Two, NASA is valuable.  Personally, I think the idea of sending humans flying through the passively hostile emptiness of space to visit (and perhaps stay in the future) other astronomical objects is of intrinsic value. Few things are as difficult a task or as inspiring an achievement.  In more practical terms, NASA projects and research have a tendency to spawn useful technologies.  The best tasting of these: freeze-dried (Space) ice cream6.  These projects also produce a wealth of fundamental science, which can be interpreted as science for science’s sake (enough justification for me) or perhaps a little more optimistically as knowledge about our universe that might change our world 20+ years from now.  Beyond these reasons, I see manned space flight as crucial to our survival as a species.  This is meant both directly (“Well, there’s an asteroid the diameter of Texas headed this way and no Bruce Willis to take care of it.  Guess we should’ve colonized Titan after all.  Oops.”) and indirectly (“Sorry Mr. President, but spending half a trillion dollars on the new F-885 fighter/bomber didn’t poll as well as spending that money on terra-forming Mars.  Fortunately the Chinese and the Russians had the same problem, so we should be ok.”7).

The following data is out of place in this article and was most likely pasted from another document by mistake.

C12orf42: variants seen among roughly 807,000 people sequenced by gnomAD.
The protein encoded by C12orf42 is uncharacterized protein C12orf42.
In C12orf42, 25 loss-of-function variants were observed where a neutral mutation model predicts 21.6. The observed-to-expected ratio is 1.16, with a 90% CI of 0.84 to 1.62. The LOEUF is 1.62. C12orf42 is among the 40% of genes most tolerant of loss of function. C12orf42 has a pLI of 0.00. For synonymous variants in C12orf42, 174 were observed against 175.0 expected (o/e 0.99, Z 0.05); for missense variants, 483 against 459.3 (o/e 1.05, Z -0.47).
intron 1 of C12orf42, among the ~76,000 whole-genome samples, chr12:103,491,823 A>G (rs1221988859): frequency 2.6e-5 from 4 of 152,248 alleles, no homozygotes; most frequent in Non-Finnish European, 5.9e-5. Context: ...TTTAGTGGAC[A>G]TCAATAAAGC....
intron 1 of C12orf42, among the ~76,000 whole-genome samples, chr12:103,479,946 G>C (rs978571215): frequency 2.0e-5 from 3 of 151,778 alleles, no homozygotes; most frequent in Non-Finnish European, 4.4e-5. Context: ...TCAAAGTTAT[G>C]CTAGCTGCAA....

At a more basic level, and this gets back to the intrinsic value part of my point, it would be a terrible shame to ‘see’ all of these other worlds, all the myriad of strange and beautiful things that clever astronomers have enabled us to observe, and never go to any of them.  It’s akin to continually looking at a map, observing all the lovely towns, roads, rivers, mountains, oceans, and shorelines, then folding the map up, popping it back in the glove compartment, and turning the car toward home.


1 “But, but, uh, SPACE! It’s awesome.  And our descendants could be Jean-Luc-Picard-ish.”
2 We may have been fighting a couple of wars, and there may have been an election ‘coming up’ by USA standards.
3 There is an argument to be made that sufficient funding (in aggregate) was in NASA’s budget already, but this supposes a flexibility that NASA might have had but did not want to have.  The simple version is that, yeah sure, we might have been able to do the Moon base and manned Mars mission over a reasonable timeframe, but at the expense of cancelling or delaying pretty much everything else NASA had previously been tasked with doing.
4 Yes of course I mean this in relative terms.
5 For some insight into where the money goes, and thus where it might come from for NASA and and other worthy programs, check out the Center on Budget and Policy Priorities.
6 Sadly and contrary to popular belief, Tang and Velcro, among other items, were not invented by NASA scientists.  For various actual technologies, check out the NASA Spinoff website.  The 1977 edition has bonus sideburns and moustaches in the photos.
7 I can fantasize, right?